I’ve said it before and will inevitably say it again, Beau is a refreshing throwback to the 60s when political and social satire was afforded UK mainstream television slots, long before the more crass efforts of Spitting Image, and each week the troubadour of choice would deliver some pointed barb on a particular issue or personality. He’s been doing that now for some 13 albums since resurfacing via Cherry Red in 2012, each loaded with witty, incisive observations and commentary. Kingdom Of The Blind, his 14th, continues in the same tradition, this time round taking in such topics as PTSD, social media algorithms, revisionism and the war in Ukraine, a songwriting sapper digging away at the foundations of the self-important, the pompous and the plain pig-ignorant bastions of contemporary society.
Musically, he rarely strays far from his basic picked or strummed musical template, his voice skating up and down the scales, but it’s the words that are important here, the album opening with ‘Right Side Of History’, a song about the transient and revisionist nature of fashionable attitudes and how only those of the 21st century are smugly held to have value and merit where “it’s brilliant, being so free to attack/Those we know can never fight back”.
A similar notion informs ‘Compassionate Ways’, a lament for the way being ‘woke’ has stifled debate, the inebriate in the lyrics having written a song “about old times when we’d disagree and quarrel and argue quite vehemently” before “we grew older and learned to look constantly over our shoulder” and “misrepresent people as fascist who offer dissent/And others as racist who don’t swallow whole the virtue that we in our wisdom extol”.
There are 14 tracks and I don’t intend to dissect each one, but all contain fuel to fire lengthy debate and discussion as well as pithy put downs and observations, such as how, surely with Messrs Trump and Johnson in mind, “the scallywag makes an untrustworthy guide”. I would though, direct you to some of the most potent, such as ‘Varsity Man’ which sets its sights on “the self-serving bogus elite” that we generally refer to as ministers of the Crown playing networking leapfrog, the Guthrie-like ‘Feedback Loop’ and its comment on polarisation in society (“I believed what I was reading/Only read what I believed”), the Ukraine-inspired fable of ‘The One-Eyed Man’ and the social-media puncturing ‘Impure Thought’ (“my favourite social media app/Apparently was searching hard/For heresies to disregard…’Cos our opinions count for more!”).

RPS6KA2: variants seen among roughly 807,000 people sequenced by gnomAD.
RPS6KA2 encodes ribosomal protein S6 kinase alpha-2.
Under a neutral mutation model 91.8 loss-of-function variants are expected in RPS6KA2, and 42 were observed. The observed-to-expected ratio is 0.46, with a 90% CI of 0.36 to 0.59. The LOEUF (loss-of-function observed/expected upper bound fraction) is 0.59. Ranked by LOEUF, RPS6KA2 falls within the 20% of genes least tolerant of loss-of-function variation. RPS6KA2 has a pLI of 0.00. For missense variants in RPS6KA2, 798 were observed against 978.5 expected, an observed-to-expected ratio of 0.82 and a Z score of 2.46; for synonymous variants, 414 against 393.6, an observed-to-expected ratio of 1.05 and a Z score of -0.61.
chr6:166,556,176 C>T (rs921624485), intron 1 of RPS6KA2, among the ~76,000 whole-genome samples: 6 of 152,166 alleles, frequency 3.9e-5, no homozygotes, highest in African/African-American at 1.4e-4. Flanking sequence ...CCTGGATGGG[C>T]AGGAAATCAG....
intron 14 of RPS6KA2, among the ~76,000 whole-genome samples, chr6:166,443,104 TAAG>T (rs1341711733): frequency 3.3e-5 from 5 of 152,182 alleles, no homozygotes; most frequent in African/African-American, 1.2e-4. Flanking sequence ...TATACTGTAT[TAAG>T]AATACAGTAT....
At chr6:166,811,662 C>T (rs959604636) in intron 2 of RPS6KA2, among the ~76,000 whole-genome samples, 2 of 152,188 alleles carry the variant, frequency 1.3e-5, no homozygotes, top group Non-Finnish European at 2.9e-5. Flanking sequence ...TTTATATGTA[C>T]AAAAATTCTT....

There’s a nice line in self-deprecation on ‘Reassuring News’ (“I must confess, I feel a fraud…I think I always knew/I’m utterly unqualified to write the songs I do” ) which amusingly reassures that everyone’s a fraud, his doctor only moonlighting to help prune the waiting list (“I’m totally unqualified, but I make a decent fist”), while ‘Exceptional’ is particularly timely with its reference to the May elections and a silver-tongued candidate (“I’ll have you know he got my vote, and as we quickly learned/Constituents in droves can pretty easily be turned”).
Arguably, however, the most impactful is the moodily strummed ‘Skin In The Game’, a fictional narrative inspired by incidents of serving and forme2021 case in Lakeland, FLA. where Corporal Bryan Riley, a former Marine marksman, went on a killing spree. It ends in splendid form with ‘The Dystopian National Anthem’, a sly pastiche synthesis of tropes and terms that are common features in such anthems across the world, such as how “the strong will stay, the weak will pay” and a pledge to “give loyalty and love, /In sacred blood, in brotherhood/And a fearful iron glove…when cell-doors clang and traitors hang/From sea to blood-red sea”. Indeed the phrases “skulking vile assassins” and “Every latent foe will perish” are lifted verbatim, the latter from ‘God Save The King’. In the kingdom of the blind, Beau is the one-eyed man we really need to see ourselves.
Artist’s website: www.trevormidgley.com
There are no videos from the new album yet so go to YouTube and wallow in nostalgia.
You must be logged in to post a comment.